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Defending the Undefendable Paperback – May 1, 2008

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Product Details

  • Paperback: 257 pages
  • Publisher: Ludwig von Mises Institute (May 1, 2008)
  • Language: English
  • ISBN-10: 1933550171
  • ISBN-13: 978-1933550176
  • Product Dimensions: 8.9 x 5.9 x 0.6 inches
  • Shipping Weight: 12.8 ounces (View shipping rates and policies)
  • Average Customer Review: 4.2 out of 5 stars  See all reviews (38 customer reviews)
  • Amazon Best Sellers Rank: #517,794 in Books (See Top 100 in Books)

Customer Reviews

Most Helpful Customer Reviews

Format: Paperback
In the classic Defending the Undefendable, Austrian School economist Dr. Walter Block makes both moral and utilitarian cases for completely laissez-faire capitalism -- no exceptions! The premise of the book is, if freedom to choose can be defended and even celebrated when it comes to the prostitute, the pimp, the drug user, and other social pariahs, then certainly that same freedom should be afforded to everyone else. These supposedly "undefendable" figures, Dr. Block shows, are not only "defendable" but actually heroic.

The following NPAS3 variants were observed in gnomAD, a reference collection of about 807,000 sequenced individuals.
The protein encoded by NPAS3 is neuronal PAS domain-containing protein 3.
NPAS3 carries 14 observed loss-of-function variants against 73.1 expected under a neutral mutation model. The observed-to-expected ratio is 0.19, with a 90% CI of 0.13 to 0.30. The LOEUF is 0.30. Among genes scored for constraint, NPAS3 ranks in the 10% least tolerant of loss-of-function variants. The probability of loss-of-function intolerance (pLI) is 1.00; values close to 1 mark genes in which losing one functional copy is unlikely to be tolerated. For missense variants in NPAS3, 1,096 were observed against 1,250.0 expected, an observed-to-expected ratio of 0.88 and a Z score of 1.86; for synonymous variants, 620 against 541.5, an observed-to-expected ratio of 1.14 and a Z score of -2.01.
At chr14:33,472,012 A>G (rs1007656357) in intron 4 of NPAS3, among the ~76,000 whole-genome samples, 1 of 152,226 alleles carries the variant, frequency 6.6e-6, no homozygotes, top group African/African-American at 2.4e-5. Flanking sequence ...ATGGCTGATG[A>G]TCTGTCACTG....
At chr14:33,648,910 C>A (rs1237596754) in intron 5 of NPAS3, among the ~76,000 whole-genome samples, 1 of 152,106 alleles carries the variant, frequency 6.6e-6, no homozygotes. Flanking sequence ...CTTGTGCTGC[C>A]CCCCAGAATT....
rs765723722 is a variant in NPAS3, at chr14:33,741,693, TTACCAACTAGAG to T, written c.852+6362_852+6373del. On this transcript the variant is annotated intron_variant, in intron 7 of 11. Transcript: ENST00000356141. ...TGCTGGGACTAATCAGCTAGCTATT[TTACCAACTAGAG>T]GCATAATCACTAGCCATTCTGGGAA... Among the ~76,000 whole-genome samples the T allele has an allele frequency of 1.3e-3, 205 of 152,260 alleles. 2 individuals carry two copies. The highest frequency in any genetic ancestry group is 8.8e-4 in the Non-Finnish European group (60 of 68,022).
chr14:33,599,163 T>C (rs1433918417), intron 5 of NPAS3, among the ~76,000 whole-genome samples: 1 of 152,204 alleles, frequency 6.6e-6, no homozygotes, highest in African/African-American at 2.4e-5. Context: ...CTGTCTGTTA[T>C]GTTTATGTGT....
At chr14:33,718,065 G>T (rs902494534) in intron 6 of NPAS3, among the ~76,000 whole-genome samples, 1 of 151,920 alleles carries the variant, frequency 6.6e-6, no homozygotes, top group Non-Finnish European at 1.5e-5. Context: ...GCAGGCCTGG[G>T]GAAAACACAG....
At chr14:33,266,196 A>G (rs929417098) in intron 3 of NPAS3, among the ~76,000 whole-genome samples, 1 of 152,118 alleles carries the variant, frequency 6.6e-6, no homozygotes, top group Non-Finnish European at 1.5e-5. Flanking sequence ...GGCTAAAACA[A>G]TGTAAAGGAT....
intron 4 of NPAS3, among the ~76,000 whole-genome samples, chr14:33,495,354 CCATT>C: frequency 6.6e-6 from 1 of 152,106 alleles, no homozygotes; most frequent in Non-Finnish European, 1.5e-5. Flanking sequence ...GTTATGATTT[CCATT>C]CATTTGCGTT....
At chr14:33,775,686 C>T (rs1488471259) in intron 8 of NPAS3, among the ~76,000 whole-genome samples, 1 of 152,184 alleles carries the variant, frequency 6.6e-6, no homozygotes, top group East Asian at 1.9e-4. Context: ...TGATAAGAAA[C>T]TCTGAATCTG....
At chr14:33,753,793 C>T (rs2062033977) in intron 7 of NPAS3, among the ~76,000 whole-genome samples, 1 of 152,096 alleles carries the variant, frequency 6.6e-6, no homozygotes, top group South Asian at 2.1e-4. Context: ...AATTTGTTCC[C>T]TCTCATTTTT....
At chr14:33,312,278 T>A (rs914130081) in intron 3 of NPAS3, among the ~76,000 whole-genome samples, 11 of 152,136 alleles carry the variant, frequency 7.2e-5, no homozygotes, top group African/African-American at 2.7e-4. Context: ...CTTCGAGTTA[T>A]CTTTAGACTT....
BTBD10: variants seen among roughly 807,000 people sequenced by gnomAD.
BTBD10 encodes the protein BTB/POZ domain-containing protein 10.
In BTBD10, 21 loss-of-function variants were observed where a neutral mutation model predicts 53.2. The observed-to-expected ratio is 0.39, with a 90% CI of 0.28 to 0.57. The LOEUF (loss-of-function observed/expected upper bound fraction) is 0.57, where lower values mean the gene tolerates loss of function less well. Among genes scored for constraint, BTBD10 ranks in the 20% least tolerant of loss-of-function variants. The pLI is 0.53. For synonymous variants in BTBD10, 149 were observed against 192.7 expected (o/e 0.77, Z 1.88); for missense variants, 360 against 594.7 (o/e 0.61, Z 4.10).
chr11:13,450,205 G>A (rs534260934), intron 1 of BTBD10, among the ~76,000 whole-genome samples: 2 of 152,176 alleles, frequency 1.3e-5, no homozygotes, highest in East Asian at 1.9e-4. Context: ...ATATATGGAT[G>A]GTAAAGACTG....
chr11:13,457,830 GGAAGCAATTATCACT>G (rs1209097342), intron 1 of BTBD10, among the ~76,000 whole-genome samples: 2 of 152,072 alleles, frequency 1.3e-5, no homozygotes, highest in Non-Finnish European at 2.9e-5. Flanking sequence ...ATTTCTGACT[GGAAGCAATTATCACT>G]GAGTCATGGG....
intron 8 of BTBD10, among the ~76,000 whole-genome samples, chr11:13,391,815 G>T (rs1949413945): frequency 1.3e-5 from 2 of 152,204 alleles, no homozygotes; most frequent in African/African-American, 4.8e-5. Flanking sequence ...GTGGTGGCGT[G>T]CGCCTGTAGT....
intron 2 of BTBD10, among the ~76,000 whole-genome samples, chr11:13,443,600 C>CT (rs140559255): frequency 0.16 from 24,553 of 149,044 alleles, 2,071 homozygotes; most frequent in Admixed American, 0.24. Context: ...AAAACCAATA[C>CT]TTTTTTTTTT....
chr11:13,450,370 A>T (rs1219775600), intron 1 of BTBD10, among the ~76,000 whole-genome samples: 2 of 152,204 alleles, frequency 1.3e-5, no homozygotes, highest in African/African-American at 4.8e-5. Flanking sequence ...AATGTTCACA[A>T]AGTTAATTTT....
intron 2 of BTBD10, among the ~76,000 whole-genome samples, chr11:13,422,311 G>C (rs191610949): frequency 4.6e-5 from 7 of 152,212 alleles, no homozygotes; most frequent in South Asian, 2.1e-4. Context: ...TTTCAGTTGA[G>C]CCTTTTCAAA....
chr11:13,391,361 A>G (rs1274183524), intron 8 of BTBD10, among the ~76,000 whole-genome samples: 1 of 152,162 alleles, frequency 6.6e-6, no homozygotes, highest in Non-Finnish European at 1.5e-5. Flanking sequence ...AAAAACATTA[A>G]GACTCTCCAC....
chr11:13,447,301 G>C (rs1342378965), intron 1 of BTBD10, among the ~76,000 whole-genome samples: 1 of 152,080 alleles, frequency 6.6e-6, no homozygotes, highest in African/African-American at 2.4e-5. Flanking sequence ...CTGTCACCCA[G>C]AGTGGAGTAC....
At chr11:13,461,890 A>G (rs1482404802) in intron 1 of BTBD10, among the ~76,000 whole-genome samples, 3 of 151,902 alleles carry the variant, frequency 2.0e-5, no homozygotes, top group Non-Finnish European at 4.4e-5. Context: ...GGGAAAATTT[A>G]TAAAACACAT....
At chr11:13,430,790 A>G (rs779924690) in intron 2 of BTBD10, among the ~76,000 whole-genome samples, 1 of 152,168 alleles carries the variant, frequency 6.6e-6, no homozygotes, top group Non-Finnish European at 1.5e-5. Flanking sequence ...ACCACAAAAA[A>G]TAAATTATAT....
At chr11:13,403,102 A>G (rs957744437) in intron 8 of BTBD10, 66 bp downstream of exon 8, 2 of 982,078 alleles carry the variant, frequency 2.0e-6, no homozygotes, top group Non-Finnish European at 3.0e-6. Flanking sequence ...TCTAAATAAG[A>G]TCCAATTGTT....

For example, the drug dealer: He is only providing a product that is in demand to a customer who demands it. It isn't the drugs themselves that promote crime, says Block (with supporting evidence included), but the high cost of the drugs -- and that high cost is a direct result of the drugs' prohibition. To the extent that the drug dealer braves the dangers of the black market to supply drugs to willing customers, he is putting downward pressure on the substances' prices, thereby reducing the likelihood of drug-related crimes against people and property. In this sense, the drug dealer is not only not a bad guy, but indeed a hero.

Libertarians are already very familiar with arguments (moral and utilitarian) for the legalization of drugs and prostitution. But what about blackmailers, slanderers, and libelers? Block takes up their cause. My favorite chapter features Block's analysis of "crooked" cops actually being superior to "honest" cops. After all, the crooked cop gives non-violent "criminals" (i.e. drug dealers, drug users, prostitutes, johns, etc.) the choice of paying a bribe or going to jail, while the honest cop gives them no such choice and instead kidnaps and confines them for their non-crimes.